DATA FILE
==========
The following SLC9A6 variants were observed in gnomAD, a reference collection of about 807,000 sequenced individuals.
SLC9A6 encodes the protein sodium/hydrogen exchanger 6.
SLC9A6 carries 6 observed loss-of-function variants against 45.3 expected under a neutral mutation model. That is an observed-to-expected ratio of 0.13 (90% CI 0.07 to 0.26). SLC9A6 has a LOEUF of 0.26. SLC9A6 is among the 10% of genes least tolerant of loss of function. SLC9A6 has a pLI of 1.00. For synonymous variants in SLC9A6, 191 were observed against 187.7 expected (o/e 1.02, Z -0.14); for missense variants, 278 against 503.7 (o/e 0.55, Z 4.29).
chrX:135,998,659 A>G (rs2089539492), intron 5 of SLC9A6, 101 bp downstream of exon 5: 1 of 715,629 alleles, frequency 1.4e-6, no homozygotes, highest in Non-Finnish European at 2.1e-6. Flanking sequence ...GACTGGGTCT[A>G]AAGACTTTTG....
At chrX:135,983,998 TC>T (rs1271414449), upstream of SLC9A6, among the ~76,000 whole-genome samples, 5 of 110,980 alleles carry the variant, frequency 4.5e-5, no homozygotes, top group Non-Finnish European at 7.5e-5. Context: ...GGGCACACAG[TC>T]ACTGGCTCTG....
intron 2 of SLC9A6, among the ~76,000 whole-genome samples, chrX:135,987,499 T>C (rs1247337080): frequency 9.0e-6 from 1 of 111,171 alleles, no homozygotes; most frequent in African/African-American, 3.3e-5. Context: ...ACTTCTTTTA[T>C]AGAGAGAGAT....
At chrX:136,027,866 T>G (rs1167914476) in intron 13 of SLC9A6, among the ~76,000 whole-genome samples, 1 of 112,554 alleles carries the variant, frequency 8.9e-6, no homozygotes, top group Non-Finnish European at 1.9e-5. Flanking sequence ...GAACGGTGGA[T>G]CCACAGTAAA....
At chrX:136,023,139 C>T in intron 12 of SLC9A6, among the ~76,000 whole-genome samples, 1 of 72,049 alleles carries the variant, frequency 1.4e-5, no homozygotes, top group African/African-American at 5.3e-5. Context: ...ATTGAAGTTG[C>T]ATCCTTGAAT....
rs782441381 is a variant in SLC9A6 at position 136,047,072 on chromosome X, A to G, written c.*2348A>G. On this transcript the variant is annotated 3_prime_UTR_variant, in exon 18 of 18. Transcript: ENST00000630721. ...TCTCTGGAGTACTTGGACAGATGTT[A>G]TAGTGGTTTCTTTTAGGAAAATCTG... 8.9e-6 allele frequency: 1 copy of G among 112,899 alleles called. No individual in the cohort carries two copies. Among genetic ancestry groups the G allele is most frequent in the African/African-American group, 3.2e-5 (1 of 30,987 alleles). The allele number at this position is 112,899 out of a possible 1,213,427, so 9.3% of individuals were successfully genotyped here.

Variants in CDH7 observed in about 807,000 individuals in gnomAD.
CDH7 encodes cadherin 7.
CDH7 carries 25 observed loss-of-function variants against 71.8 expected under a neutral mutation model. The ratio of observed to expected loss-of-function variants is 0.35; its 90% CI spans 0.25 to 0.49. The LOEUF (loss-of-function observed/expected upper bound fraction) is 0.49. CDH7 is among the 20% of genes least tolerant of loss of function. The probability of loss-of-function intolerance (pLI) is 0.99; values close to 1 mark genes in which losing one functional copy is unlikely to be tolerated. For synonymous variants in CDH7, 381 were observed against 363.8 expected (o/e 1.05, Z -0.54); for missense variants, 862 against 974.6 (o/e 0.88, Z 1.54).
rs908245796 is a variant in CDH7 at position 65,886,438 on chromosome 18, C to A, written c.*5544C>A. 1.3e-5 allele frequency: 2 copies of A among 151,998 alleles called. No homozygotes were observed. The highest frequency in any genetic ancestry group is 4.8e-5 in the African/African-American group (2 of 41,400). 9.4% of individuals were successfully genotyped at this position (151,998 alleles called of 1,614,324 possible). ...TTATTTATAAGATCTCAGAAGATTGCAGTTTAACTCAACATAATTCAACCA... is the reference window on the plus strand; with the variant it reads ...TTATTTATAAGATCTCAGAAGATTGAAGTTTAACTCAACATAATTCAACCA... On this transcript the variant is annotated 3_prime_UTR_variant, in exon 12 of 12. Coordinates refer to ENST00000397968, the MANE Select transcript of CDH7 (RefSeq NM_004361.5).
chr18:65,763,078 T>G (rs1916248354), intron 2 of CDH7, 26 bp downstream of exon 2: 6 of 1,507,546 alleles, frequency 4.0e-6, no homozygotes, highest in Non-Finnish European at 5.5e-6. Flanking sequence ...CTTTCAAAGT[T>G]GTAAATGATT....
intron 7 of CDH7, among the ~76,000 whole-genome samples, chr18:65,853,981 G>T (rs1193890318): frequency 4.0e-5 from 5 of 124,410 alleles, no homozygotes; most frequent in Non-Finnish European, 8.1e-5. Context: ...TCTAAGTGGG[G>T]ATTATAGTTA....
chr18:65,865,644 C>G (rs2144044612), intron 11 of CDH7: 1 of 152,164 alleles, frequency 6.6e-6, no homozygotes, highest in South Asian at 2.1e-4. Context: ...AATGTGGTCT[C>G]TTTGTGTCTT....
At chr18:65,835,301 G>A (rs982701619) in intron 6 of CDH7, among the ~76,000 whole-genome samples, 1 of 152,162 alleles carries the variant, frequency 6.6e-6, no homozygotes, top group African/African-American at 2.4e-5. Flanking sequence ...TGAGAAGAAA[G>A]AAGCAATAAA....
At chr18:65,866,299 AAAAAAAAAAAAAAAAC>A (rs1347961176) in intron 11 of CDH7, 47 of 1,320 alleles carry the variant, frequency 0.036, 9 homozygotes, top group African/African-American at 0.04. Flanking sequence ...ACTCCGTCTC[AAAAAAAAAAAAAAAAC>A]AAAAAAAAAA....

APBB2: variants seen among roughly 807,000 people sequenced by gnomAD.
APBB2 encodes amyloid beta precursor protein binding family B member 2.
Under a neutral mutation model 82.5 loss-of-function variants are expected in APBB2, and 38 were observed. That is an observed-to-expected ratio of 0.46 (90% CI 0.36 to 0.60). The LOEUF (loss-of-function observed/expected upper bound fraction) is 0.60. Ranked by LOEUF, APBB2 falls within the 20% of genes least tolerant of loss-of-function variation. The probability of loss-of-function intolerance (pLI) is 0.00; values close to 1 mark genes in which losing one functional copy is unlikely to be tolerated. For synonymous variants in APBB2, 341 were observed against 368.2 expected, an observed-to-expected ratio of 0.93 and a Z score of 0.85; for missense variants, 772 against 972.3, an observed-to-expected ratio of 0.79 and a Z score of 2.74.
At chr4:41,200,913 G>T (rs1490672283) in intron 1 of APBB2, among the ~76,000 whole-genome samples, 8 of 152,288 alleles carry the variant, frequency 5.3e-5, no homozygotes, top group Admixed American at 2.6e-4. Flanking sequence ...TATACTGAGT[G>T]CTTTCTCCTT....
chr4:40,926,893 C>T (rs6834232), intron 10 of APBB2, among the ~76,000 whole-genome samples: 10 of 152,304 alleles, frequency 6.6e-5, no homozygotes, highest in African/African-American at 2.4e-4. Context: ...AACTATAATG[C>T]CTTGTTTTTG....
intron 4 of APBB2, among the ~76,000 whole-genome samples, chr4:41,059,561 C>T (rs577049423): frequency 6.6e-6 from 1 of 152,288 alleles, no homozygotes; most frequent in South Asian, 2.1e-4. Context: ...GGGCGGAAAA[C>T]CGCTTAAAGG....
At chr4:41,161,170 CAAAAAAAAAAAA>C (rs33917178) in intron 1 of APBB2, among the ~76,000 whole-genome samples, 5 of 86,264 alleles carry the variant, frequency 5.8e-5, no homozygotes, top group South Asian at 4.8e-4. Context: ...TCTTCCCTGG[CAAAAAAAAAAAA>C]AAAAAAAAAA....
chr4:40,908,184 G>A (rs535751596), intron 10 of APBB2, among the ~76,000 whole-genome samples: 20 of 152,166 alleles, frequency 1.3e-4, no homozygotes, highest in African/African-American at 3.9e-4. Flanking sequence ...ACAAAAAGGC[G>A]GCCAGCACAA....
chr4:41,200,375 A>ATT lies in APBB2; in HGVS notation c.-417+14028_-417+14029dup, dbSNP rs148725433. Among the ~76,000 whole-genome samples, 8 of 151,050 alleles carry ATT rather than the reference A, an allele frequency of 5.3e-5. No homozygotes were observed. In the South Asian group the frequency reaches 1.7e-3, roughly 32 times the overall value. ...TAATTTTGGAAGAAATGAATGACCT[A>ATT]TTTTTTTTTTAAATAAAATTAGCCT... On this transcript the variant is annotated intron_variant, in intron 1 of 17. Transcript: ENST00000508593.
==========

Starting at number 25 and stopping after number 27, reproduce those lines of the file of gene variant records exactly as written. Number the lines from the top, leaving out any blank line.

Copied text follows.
At chr4:41,161,170 CAAAAAAAAAAAA>C (rs33917178) in intron 1 of APBB2, among the ~76,000 whole-genome samples, 5 of 86,264 alleles carry the variant, frequency 5.8e-5, no homozygotes, top group South Asian at 4.8e-4. Context: ...TCTTCCCTGG[CAAAAAAAAAAAA>C]AAAAAAAAAA....
chr4:40,908,184 G>A (rs535751596), intron 10 of APBB2, among the ~76,000 whole-genome samples: 20 of 152,166 alleles, frequency 1.3e-4, no homozygotes, highest in African/African-American at 3.9e-4. Flanking sequence ...ACAAAAAGGC[G>A]GCCAGCACAA....
chr4:41,200,375 A>ATT lies in APBB2; in HGVS notation c.-417+14028_-417+14029dup, dbSNP rs148725433. Among the ~76,000 whole-genome samples, 8 of 151,050 alleles carry ATT rather than the reference A, an allele frequency of 5.3e-5. No homozygotes were observed. In the South Asian group the frequency reaches 1.7e-3, roughly 32 times the overall value. ...TAATTTTGGAAGAAATGAATGACCT[A>ATT]TTTTTTTTTTAAATAAAATTAGCCT... On this transcript the variant is annotated intron_variant, in intron 1 of 17. Transcript: ENST00000508593.